Community gardens have always been a part of New York City’s fabric; people coming together to tend a small plot of land within the depths of the city.  I have the good fortune of living with a landlord who has dedicated the last 20 years of her life to creating an oasis unlike any other I have seen, behind her Prospect Heights home.  However, not everyone is lucky enough to own their own space (or rent from incredibly generous people who let you reap the rewards of their hard work).  In the wake of the push for new developments across the city, many communities have found it necessary to fight tooth and nail for their beloved gardens.  DNAinfo.comrecently reported that members of the Lower East Side Children’s Magical Garden, established in 1983, filed a lawsuit to be granted ownership of their garden which had been locked by former owner and developer Serge Hoyda.  The group is also reportedly suing 157 LLC, the current owners who bought the space in January and are looking to put up a six-story building on the site.   Unfortunately, with space at such a premium, it’s the “unused” piece of land that becomes dollar signs in the eyes of many.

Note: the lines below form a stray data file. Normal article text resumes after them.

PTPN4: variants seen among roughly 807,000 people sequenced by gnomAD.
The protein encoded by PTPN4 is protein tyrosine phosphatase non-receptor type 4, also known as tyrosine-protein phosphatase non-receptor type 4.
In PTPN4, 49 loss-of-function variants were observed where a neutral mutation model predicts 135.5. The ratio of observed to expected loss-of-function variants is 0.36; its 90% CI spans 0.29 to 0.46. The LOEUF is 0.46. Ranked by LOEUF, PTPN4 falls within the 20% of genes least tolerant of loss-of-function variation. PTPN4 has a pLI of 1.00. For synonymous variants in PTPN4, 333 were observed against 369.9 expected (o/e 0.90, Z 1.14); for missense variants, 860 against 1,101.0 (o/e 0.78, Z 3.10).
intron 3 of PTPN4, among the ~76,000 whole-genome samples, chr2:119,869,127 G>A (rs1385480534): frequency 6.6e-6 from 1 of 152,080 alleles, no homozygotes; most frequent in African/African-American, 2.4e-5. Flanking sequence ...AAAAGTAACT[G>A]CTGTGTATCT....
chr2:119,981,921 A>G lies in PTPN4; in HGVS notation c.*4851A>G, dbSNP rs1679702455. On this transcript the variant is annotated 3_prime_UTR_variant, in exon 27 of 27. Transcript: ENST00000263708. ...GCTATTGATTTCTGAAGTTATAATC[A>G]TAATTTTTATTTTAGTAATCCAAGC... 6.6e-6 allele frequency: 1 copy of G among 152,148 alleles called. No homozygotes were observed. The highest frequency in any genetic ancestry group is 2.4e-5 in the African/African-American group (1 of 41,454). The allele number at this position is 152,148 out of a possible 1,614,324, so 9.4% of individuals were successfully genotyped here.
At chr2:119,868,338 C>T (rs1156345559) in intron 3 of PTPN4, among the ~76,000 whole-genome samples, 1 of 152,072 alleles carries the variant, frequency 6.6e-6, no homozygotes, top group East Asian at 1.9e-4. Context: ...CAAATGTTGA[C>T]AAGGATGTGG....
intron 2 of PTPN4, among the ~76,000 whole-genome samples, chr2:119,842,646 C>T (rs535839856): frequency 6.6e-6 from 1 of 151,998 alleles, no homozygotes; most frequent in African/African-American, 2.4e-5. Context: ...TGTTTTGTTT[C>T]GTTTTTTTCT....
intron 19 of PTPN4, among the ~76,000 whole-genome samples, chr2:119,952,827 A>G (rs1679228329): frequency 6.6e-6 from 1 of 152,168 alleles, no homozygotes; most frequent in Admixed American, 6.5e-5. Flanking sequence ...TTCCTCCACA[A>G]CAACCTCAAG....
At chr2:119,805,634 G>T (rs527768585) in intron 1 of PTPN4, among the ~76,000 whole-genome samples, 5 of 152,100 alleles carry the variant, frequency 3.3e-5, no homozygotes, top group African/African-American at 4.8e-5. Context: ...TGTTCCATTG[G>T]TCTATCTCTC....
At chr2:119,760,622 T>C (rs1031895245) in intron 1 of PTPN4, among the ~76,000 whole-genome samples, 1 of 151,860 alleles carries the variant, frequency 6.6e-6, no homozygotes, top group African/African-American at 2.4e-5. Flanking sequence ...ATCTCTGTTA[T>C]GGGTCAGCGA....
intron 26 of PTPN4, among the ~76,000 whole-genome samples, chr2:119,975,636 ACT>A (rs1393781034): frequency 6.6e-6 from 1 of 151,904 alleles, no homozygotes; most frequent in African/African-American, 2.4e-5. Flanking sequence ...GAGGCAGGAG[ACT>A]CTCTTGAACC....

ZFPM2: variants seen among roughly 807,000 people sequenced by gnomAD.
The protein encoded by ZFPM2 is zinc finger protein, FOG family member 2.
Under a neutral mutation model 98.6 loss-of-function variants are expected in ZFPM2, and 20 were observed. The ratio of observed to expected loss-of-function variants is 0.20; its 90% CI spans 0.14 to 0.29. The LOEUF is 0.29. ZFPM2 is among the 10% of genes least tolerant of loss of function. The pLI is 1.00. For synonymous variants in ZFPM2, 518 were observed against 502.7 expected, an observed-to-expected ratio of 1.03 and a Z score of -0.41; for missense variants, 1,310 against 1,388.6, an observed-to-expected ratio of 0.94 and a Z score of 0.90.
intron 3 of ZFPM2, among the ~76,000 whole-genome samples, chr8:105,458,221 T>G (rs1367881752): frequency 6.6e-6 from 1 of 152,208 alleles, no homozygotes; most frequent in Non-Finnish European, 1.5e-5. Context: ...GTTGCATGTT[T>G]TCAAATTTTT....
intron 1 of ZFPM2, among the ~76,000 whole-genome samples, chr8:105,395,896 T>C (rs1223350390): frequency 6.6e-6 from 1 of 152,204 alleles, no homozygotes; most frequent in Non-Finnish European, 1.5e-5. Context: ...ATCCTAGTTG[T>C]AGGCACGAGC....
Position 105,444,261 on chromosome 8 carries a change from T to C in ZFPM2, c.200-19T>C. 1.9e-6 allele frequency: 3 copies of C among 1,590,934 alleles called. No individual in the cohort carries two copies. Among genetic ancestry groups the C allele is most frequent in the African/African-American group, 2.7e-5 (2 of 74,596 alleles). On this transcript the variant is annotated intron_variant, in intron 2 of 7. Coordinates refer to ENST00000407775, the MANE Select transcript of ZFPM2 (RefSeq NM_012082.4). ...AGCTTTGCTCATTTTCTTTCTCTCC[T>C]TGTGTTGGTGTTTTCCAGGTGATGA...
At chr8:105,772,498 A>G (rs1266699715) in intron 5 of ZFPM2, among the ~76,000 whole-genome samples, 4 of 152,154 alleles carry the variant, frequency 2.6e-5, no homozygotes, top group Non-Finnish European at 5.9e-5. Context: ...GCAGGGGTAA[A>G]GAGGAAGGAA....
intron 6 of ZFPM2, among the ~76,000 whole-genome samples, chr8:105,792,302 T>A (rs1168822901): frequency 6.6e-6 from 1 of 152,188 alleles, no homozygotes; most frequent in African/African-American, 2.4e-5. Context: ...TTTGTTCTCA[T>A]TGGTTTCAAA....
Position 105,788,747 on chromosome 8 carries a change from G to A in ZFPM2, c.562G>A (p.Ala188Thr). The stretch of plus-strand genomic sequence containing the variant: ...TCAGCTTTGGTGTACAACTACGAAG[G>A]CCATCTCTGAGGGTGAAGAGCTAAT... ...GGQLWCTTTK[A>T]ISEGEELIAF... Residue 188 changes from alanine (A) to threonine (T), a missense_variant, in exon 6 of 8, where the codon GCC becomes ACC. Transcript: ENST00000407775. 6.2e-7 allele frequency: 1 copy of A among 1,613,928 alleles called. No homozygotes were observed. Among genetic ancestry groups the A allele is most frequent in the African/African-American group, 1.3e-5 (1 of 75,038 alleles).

The good news is that in recent years the city has seen an increase in green spaces popping up in places both expected and not.  Many public schools throughout the five boroughs have installed gardens and are teaching students the joys of growing their own food.  Rooftop farming has become a part of the natural order of things; so much so that the new Whole Foods in Brooklyn boasts its own rooftop farm, and restaurants such as ABC Kitchen and Robertas have also created rooftop gardens where they grow the produce used in their dishes.  In some ways we are in the midst of a renaissance when it comes to urban green spaces.  People are much more aware of and knowledgeable about where their food comes from, how it was grown, and even what happens to the scraps they discard.  Composting, whether at home with worms, or at the greenmarkets around the city, has become part of many people’s routine.  In fact the city’s new Sanitation Commissioner, Kathryn Garcia is developing a plan that would have every New York City resident composting within five years.